PTSD or cPTDS: What’s the Difference?
You’ve heard of PTSD (Post Traumatic Stress Disorder). You may have even heard of cPTSD (complex PTSD). But do you know the difference between the two? This week’s blog is an exploration of the differences between the two and how those differences impact the treatment of each problem.
The first major difference is the fact that PTSD is a diagnosis in the DSM5 (the most current Diagnostic & Statistical Manual that is used to diagnose psychological disorders in the USA) but cPTSD is not. Read this previous blog for a more in depth explanation of the PTSD diagnosis. When the American Psychiatric Association’s (APA) working group was determining which diagnoses would be included in their latest update they decided there was too much overlap between the two and they left cPTSD out. Even though cPTSD is not a recognized diagnosis, many people who work with trauma use the term. The differences between PTSD and cPTSD fall into three areas: Cause, Symptoms and Treatment.
There is a drastic difference between the events that cause these disorders. PTSD is caused by a single or just a few events while cPTSD is rooted in long term or many repetitions of traumatic events. A car accident or being the victim of a crime could result in PTSD. But cPTSD can show up with traumatic events that span extended periods of time. Included in these extended traumatic experiences is a loss of personal agency; the victim is under the control of the perpetrator(s). Examples would be: Being the victim of human trafficking, concentration camp/ POW survivor, ongoing childhood sexual abuse, or long term domestic violence victimization. The victims of these experiences are at the mercy of the people causing the traumatic events.
The major difference is in the symptoms that are experienced. The APA’s reason for not including the cPTSD diagnosis was that most people who could be classified as cPTSD also fit PTSD. The people who want the cPTSD diagnosis to exist don’t disagree with the APA’s concern; they argue that cPTSD is like PTSD+. It encompasses all the symptoms of PTSD and then some. Below is a list of the symptoms of PTSD followed by the additional symptoms of cPTSD. A person does not have to have all the symptoms to have PTSD or cPTSD; but they would experience many of the symptoms (if you believe you have PTSD or cPTSD please seek professional help to diagnose and address your concerns).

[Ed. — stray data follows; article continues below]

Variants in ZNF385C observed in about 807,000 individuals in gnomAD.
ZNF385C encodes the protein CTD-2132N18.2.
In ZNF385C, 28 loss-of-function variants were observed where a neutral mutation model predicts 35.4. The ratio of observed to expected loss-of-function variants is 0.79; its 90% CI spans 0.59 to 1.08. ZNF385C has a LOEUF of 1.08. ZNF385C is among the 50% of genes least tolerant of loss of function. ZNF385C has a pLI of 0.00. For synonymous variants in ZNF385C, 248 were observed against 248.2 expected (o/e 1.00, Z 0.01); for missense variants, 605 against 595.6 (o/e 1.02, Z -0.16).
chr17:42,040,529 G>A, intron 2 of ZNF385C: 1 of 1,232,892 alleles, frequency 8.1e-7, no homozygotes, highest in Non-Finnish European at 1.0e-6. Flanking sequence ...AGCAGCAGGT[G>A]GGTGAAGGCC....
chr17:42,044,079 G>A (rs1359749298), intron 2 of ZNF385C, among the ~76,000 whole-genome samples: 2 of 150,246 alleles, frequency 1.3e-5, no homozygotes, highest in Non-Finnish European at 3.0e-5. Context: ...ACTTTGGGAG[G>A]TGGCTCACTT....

The symptoms of PTSD:
- Intrusive symptoms: such as constant thinking, flashbacks or nightmares about the event(s)
- Avoidance behaviors: Changing your life to avoid possible triggering the painful memories of the event (such as avoiding crowds or not going to fireworks shows)
- Negative thoughts/mood: expecting the worse, lessening of hope, depression
- Increased arousal: constantly on guard or being jumpy
Additionally, cPTSD includes:
- Sleep issues: Night terrors and/or insomnia
- Unhealthy relationships: reclusiveness, letting go of relationships, distrust of others, or constantly searching for someone else to save them.
- Meaninglessness: Loss of purpose or faith
- Distorted beliefs (about self and perpetrator): Beliefs about self – shame, blame, helplessness, unworthy and being different from others. Beliefs about perpetrator – is all powerful, preoccupation with, fixation on revenge.
- Emotional dysregulation: Feelings are easily overwhelming and connection to those feelings can feel easily lost when the feelings are desired and unstoppable when the feelings are unwanted.
- Extensive Dissociation: the self feels broken, in pieces, or like parts are not connected to each other or the world.
You may notice that many the symptoms of cPTSD are extreme forms of the symptoms of PTSD. This could be an additional reason the APA chose not to make cPTSD its own diagnosis. The people who have adopted the term cPTSD argue that knowing you are working with the more extreme cPTSD allows for the creation of a more effective treatment plan. Differences in treatment are the final area of difference between PTSD and cPTSD.